Tom Hoopes is Vice President of College Relations and writer in residence at Benedictine College in Atchison, Kansas. He has written for the Register for more than 20 years and was its executive editor for 10. His writing has appeared in First Things’ First Thoughts, National Review Online, Crisis, Our Sunday Visitor, Inside Catholic and Columbia. He has served as press secretary for the Chairman of the U.S. House Ways & Means Committee. He and his wife, April, were editorial co-directors of Faith & Family magazine for 5 years. They have nine children.
April, 20 years ago on my last night as a single man, I lay in bed staring at the ceiling unable to sleep in the middle of the night. I was afraid you were making a huge mistake by marrying me — one for which I was largely to blame.
You were going to give me everything you had, including your future. You were going to say “Whatever happens to you, I’m going to be involved.” You were going to take all your chips, bet them on “Tom Hoopes,” roll the dice, and live with the consequences.
It seemed like a monumentally stupid thing for you to do.
I wrote a prayer that night and showed you the next morning. We were getting married on the feast of the Assumption, a day that celebrates how God’s grace filled Mary’s life, bringing glory out of sorrows. I told you we would say the prayer privately when we knelt before Our Lady of Guadalupe during the Ave Maria after Communion.
In that prayer, we told Our Lady that we were entirely unequal to the commitment we were making, that we had literally no resources capable of fulfilling our vows and that it would take divine intervention to keep the whole thing from going up in flames.
If it hadn’t been set it in a liturgical context, it would have seemed desperate and panicked. As it was, it just seemed overly pious. I guess in reality it was both.
Be careful what you pray for. Everything that I worried about as I lay awake that night happened. Here is our history in nine bullet points:
- I lost my job when you were expecting our first child and had to find odd jobs to support the family.
- You went into labor with our second child during your final Master’s comprehensive exams. You earned your degree at 2 p.m. and had the baby at 2 a.m.
- Our third is named after the coworker who provided us with a living wage by secretly having his salary reduced by $5,000 and mine increased by $5,000. At his funeral, we learned what he did.
- Our fourth, thank God, is still with us, after being dragged from a lake by a stranger whose name we still don’t know.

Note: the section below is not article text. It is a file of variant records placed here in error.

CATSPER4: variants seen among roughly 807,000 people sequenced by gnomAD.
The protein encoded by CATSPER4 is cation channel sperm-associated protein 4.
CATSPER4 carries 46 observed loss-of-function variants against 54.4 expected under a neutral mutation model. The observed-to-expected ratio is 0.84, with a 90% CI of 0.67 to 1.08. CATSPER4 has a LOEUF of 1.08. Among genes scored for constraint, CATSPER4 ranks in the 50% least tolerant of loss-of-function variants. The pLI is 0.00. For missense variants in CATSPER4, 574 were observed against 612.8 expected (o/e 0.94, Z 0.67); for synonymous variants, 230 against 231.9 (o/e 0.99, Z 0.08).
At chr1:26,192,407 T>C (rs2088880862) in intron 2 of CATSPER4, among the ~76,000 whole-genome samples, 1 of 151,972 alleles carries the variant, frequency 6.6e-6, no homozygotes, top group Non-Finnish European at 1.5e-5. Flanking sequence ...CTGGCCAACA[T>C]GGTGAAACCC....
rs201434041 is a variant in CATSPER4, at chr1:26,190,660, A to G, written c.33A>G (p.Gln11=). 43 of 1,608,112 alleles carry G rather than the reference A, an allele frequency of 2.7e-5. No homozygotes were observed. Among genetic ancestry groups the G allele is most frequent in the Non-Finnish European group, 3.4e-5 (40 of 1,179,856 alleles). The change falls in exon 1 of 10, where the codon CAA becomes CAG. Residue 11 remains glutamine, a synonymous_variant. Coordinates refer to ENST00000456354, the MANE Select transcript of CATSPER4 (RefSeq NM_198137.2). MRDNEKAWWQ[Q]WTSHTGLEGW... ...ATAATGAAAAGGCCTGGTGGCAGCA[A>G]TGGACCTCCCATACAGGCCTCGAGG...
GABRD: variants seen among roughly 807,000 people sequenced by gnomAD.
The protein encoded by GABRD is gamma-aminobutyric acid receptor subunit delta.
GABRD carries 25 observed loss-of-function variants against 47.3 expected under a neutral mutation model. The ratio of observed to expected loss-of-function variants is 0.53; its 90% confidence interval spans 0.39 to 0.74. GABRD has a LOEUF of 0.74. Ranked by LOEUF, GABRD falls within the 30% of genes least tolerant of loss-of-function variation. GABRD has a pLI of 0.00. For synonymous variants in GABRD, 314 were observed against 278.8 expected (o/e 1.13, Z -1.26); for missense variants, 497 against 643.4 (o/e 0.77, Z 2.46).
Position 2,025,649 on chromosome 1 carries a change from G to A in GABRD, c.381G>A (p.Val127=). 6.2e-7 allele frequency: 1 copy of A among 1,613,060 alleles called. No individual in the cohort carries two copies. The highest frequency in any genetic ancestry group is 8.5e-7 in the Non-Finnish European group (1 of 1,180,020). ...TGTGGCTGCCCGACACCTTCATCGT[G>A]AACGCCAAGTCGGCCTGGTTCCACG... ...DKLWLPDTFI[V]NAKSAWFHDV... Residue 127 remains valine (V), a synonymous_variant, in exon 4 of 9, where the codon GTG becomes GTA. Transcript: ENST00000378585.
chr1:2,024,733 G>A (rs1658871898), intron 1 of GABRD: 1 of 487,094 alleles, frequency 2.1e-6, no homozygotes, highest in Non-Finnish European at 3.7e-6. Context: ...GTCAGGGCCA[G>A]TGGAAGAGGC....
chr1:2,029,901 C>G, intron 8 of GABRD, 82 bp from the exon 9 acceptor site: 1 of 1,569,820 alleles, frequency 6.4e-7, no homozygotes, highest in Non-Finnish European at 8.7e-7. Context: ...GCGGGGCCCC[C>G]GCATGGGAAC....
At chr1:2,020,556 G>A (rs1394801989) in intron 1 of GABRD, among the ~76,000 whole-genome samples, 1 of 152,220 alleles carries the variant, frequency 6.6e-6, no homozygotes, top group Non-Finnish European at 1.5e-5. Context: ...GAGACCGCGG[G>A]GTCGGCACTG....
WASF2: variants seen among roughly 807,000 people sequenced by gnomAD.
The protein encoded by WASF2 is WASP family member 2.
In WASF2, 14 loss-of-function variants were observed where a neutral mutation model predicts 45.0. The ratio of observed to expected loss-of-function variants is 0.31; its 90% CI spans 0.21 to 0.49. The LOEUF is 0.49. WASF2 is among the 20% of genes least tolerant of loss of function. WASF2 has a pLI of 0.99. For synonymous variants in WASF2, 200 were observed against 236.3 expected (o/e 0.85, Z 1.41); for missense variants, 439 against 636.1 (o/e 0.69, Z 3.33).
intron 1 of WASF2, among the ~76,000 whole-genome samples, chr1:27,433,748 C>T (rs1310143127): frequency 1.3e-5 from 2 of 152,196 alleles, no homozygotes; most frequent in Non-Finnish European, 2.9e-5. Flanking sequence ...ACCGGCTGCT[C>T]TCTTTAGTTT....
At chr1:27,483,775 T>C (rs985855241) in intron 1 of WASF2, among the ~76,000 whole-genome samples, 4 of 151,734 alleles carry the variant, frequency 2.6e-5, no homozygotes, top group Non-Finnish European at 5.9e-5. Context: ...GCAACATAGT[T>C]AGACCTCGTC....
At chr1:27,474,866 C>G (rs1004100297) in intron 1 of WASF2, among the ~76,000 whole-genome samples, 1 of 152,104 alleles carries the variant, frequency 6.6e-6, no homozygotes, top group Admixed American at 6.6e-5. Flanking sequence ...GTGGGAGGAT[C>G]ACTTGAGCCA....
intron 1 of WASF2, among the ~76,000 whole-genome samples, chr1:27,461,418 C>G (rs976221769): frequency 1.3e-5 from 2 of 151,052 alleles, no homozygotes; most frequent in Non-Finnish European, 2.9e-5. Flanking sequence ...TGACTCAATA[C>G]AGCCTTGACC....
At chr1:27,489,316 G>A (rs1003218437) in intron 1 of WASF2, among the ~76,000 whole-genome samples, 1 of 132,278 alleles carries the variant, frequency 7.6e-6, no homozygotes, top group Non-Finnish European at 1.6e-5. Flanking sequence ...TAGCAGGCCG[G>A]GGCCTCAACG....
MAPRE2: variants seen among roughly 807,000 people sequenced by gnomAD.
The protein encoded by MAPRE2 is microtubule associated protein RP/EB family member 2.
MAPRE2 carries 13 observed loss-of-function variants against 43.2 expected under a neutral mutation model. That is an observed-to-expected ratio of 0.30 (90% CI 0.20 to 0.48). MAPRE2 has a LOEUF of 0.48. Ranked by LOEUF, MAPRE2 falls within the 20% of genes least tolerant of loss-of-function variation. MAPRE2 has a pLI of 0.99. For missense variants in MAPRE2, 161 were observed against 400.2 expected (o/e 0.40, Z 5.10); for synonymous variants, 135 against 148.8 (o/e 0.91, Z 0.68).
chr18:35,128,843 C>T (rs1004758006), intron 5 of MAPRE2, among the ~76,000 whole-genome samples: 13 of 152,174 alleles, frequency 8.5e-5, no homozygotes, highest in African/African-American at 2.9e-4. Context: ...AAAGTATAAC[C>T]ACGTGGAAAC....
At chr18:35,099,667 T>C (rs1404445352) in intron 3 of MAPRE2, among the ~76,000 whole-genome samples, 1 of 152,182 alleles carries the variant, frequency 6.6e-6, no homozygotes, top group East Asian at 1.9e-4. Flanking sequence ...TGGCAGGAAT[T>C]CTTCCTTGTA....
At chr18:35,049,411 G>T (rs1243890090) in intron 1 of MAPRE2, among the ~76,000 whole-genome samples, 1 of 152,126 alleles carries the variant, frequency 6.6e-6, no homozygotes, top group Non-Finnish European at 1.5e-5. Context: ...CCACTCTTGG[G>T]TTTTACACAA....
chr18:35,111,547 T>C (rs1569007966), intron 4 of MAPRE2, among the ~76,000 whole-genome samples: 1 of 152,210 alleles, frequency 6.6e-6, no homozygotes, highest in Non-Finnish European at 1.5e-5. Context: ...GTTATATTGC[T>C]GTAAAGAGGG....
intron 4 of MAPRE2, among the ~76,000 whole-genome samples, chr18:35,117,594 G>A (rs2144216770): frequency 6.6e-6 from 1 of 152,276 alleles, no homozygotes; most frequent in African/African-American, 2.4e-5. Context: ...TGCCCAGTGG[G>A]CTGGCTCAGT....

- Our fifth was named for his older brother who was miscarried.
- Our sixth was named for the suffering Pope without whom he and his brothers and sisters probably wouldn’t exist.
- Our seventh was named, in utero, for my mother, a few days before she died.
- Our eighth was born during the single most difficult week in both of our lives, when we saw the center of our life disappear.
- And our ninth — well, two months after he was born, you still haven’t recovered.
So, 20 years later, life has confirmed my worries. We have made bad decisions, we have been petty and self-seeking, we have fought, we have failed, and we have more than once wanted to give up on the whole thing.
I was right: Putting your whole life in my hands would have been stupid after all.
But that’s not exactly what happened, is it? The first thing you learn from the story of Mary’s life is that God, not Mary, is the protagonist of her story. We didn’t give each other our futures, we together gave our future to Christ, sacramentally. And God the Protagonist made wonderful things happen the only way he ever does: Through the cross.
The child who came when I was laid off did urban mission work this year. The one who interrupted your test now prepares dinner each night. The one named for the co-worker helped keep the house running the year I went back to school.
Last Sunday, all 11 of us ate and joked in the park, then scattered to swing, play catch, do a crossword and sleep on the grass in the shade. Watching the scene gave me that glow of happiness that has been our real story all along, despite the difficulties.
It also made me wonder where we will all be 20 years from now. Twenty years later, it seems like we’re still just starting out.
But I no longer lose sleep over it. God is God and we are his. We will be fine.
Tom Hoopes is writer in residence at Benedictine College in Atchison, Kansas.